“I said to them that this is a final that you want people to write about afterwards,” said Rodgers. “But you have to make history — it doesn’t just happen. The players showed remarkable courage to get the result and create their own history. To go 47 domestic games unbeaten and win three trophies is an incredible achievement. It’s monumental.”

With the Premiership title and Betfred Cup already secured, Celtic prepared for the final under pressure to complete only the fourth Treble in the club’s history. “Everybody was hyping it up for months, to the extent that it’s almost the case that if we hadn’t done it, a lot of people outside the club would have been happy about that,” said McGregor.

The Invincibles tag added another layer of expectancy. Celtic’s historic unbeaten Premiership record was secured six days before the Scottish Cup final. Perhaps unfairly, defeat at Hampden against Aberdeen would have taken a shine off that achievement, and Rodgers sensed all was not right within his squad two days before the final.

“We’ve had one bad training session since I’ve been here, and that was on Thursday before playing Aberdeen,” said Rodgers. “I cut it short. I walked inside. The quality wasn’t good enough. Maybe there was something floating around in their minds about how we had won the league. Maybe there was a wee celebratory feel, but the session was stopped.”

Rodgers made his displeasure clear to his players. It was the second-last session of the season, but he simply wouldn’t tolerate levels dropping. “That’s not how we work,” he said. “We set a standard right at the beginning.” It was the jolt the Celtic players needed. The Friday session, held 24 hours before the final, was conducted exactly how the manager wanted.

By that afternoon, Rodgers had settled on his starting lineup for Hampden. There were no surprises. [Moussa] Dembele was only fit enough to take a place on the bench, so Leigh Griffiths started at the focal point of Celtic’s attack.

The Scotland striker had endured a frustrating campaign. A prolific opening spell under Rodgers was halted when he was injured in early September. Dembele claimed the jersey, and Griffiths struggled to win it back. A string of niggling injuries didn’t help his case, but Rodgers also felt his basic conditioning needed to improve as he delivered a public warning in January. “Talent is not enough,” he said.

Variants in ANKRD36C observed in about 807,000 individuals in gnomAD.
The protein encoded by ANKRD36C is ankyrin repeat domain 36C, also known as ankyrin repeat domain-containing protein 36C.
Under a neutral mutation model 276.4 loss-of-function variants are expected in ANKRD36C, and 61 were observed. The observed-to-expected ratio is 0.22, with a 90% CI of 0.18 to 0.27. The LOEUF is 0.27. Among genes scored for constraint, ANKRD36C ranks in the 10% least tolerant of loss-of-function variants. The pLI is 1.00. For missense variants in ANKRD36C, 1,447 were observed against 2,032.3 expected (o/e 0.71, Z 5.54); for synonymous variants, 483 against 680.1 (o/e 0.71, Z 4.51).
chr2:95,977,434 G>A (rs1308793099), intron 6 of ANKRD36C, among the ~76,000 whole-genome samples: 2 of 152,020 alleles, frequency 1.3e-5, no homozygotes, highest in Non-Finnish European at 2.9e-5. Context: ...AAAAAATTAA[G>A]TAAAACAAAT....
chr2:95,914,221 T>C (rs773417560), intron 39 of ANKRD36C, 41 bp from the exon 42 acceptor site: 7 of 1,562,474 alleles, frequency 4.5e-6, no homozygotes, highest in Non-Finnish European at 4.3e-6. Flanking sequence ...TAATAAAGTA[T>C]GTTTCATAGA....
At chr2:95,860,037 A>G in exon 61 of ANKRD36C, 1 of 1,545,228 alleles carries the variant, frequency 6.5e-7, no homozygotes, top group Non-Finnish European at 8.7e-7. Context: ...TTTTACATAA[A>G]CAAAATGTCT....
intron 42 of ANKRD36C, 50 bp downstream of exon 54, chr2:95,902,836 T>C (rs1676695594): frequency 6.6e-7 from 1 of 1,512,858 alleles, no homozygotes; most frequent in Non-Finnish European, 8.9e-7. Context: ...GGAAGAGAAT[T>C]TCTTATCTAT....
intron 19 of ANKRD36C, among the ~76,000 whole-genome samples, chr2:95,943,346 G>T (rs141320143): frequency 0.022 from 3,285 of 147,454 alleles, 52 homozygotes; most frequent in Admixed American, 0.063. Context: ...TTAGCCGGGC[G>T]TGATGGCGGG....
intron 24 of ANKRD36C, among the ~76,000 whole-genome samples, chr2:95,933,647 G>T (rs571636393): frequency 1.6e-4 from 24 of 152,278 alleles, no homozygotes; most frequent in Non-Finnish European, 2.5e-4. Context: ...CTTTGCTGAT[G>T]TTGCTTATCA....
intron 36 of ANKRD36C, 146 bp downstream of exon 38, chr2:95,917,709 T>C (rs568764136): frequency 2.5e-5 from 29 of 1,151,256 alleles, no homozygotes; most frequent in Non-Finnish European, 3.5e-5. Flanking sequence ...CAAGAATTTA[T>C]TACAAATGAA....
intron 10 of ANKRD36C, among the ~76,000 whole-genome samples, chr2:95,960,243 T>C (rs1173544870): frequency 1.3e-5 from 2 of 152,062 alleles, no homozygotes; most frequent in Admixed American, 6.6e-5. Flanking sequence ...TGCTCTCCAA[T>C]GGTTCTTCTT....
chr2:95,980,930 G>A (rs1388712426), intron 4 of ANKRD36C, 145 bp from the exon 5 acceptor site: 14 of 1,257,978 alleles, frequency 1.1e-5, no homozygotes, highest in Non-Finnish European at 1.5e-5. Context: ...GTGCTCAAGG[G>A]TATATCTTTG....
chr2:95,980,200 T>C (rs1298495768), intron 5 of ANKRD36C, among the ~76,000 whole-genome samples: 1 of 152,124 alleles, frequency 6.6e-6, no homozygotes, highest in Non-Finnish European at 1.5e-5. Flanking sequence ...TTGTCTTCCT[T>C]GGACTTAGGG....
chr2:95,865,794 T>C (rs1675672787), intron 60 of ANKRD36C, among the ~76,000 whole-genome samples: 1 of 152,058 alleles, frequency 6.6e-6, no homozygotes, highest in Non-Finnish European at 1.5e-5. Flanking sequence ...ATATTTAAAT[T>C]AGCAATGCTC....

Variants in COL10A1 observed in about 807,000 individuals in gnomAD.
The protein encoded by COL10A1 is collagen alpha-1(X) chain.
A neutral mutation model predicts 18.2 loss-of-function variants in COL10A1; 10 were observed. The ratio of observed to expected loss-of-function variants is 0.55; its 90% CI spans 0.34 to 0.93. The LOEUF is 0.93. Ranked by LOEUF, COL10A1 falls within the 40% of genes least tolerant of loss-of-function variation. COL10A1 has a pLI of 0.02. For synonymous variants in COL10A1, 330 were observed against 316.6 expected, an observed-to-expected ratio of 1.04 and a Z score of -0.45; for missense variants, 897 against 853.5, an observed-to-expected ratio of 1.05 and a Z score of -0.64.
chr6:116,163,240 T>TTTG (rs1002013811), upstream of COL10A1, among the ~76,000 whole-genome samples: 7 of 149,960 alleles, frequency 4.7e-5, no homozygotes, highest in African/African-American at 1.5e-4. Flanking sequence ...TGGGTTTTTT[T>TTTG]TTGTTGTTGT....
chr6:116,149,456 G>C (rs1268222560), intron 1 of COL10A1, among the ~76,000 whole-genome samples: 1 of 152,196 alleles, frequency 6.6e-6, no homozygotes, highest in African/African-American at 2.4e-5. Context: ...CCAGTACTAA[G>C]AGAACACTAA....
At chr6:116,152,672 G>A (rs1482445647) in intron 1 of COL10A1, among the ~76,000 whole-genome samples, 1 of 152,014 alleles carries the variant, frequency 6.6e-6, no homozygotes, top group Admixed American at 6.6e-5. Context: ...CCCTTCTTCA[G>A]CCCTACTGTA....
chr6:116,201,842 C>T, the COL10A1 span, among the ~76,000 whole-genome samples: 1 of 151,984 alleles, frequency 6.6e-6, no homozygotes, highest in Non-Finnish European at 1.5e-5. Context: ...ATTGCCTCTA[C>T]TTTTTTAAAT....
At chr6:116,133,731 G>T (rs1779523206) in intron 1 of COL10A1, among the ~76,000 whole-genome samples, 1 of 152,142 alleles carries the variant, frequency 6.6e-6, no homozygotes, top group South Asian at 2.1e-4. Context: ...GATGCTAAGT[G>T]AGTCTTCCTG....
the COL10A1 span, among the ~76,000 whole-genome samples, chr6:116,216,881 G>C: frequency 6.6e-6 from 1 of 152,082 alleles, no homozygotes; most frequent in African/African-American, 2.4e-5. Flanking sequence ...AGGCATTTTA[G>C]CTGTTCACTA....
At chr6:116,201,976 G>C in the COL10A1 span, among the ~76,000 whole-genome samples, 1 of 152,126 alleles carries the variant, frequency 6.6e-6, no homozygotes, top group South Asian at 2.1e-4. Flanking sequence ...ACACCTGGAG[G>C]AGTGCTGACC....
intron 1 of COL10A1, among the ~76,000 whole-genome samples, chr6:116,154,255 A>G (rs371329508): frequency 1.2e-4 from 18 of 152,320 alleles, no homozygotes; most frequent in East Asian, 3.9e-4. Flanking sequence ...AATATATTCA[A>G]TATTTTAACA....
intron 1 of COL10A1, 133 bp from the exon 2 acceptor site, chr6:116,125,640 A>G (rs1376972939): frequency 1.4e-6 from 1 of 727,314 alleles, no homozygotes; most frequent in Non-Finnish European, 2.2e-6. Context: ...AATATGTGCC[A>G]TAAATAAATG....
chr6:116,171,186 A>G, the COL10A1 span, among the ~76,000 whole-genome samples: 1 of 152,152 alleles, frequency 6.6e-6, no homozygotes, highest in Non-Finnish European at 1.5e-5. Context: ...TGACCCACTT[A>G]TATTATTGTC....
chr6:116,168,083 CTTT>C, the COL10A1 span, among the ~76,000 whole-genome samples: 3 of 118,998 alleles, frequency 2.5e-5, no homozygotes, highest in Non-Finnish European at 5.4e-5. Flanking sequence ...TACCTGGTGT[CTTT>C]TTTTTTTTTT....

The Celtic manager warned Griffiths that he had to work harder every day in training and completely devote his life to football. Rodgers told him he had to be ready to cope with the demands of playing in his high-pressing, aggressive style. Griffiths took that advice on board and knuckled down. When Dembele pulled up against Rangers in the Scottish Cup semifinal, he grabbed his chance.

Griffiths won the penalty that sealed Celtic’s place in the final and then claimed four goals and five assists in the five post-split fixtures in the league. There was also a tantrum after being subbed during Celtic’s 5-0 win over Partick Thistle. Rodgers gave Griffiths a death stare after his strop, before planting a kiss on his cheek at full-time. The Celtic striker later apologised as Rodgers assured him his cup final involvement would not be hampered by his fit of pique.

Roberts also emerged as a key player in the final two months of the season, ousting James Forrest from the right side of Celtic’s attack. On loan from Manchester City, he blossomed under Rodgers’ guidance and rejected the chance to play for England at the FIFA U-20 World Cup in South Korea to stay for Celtic’s Treble bid. “The chance to make history at this club is important to me,” said Roberts.


Invincible: Brendan Rodgers’ Historic First Season at Celtic is out now in paperback (£9.99) and ebook, published by BackPage

By the time the team bus pulled into Hampden’s underground tunnel, Celtic were ready, but Rodgers had a surprise in store. The previous night, during a team meeting, he had used a projector to display individual messages of support for every player from their families. When they entered the dressing room to prepare for the game the next day, those same messages had been placed inside envelopes and sat next to the players’ lockers.